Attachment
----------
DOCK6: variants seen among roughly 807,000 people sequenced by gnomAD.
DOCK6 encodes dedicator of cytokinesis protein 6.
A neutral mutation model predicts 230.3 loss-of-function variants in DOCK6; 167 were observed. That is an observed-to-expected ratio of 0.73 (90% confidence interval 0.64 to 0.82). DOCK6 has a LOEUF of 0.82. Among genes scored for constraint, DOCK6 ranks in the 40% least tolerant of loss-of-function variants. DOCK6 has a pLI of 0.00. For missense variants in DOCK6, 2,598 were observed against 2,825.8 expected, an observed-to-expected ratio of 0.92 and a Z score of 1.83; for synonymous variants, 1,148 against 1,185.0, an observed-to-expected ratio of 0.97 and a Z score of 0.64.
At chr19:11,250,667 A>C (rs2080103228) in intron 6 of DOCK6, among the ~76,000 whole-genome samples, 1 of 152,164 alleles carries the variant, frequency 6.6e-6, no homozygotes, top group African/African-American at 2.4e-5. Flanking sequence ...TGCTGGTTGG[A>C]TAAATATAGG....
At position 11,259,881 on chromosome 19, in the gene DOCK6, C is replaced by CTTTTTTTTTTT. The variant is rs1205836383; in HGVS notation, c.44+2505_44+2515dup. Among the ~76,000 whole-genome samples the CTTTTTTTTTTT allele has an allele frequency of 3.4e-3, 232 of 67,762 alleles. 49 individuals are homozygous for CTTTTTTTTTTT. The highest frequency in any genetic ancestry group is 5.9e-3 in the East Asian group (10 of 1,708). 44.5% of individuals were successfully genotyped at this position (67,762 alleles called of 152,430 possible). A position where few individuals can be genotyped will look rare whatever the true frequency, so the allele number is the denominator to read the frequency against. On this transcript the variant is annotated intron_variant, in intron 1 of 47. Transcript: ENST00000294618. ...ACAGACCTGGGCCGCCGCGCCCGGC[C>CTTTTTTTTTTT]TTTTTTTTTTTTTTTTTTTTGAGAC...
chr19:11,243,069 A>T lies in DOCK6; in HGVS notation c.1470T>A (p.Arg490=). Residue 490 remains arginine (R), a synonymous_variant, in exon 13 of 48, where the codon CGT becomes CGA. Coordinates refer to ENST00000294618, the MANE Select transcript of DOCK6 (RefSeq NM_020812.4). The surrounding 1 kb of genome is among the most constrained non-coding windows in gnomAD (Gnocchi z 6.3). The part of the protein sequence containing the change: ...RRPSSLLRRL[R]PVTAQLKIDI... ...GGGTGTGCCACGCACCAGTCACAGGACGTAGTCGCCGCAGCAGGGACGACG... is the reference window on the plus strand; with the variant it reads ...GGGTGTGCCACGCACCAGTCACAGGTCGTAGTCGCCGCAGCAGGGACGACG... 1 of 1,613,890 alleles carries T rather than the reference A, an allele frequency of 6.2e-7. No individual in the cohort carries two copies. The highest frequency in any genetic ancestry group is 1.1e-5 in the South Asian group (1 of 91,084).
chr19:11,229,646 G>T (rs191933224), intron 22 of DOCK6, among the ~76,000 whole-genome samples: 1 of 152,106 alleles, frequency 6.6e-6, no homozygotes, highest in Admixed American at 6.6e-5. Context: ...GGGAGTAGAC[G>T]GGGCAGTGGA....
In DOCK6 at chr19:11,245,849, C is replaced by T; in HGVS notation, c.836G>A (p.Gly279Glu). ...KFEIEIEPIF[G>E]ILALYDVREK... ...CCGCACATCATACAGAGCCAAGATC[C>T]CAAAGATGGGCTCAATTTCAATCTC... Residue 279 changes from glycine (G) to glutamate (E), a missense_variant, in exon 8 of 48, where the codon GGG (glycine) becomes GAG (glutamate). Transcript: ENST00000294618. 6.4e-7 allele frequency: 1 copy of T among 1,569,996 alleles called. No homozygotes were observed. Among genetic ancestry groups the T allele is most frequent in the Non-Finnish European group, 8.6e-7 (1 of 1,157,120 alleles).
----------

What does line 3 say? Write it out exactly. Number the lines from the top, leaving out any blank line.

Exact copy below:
A neutral mutation model predicts 230.3 loss-of-function variants in DOCK6; 167 were observed. That is an observed-to-expected ratio of 0.73 (90% confidence interval 0.64 to 0.82). DOCK6 has a LOEUF of 0.82. Among genes scored for constraint, DOCK6 ranks in the 40% least tolerant of loss-of-function variants. DOCK6 has a pLI of 0.00. For missense variants in DOCK6, 2,598 were observed against 2,825.8 expected, an observed-to-expected ratio of 0.92 and a Z score of 1.83; for synonymous variants, 1,148 against 1,185.0, an observed-to-expected ratio of 0.97 and a Z score of 0.64.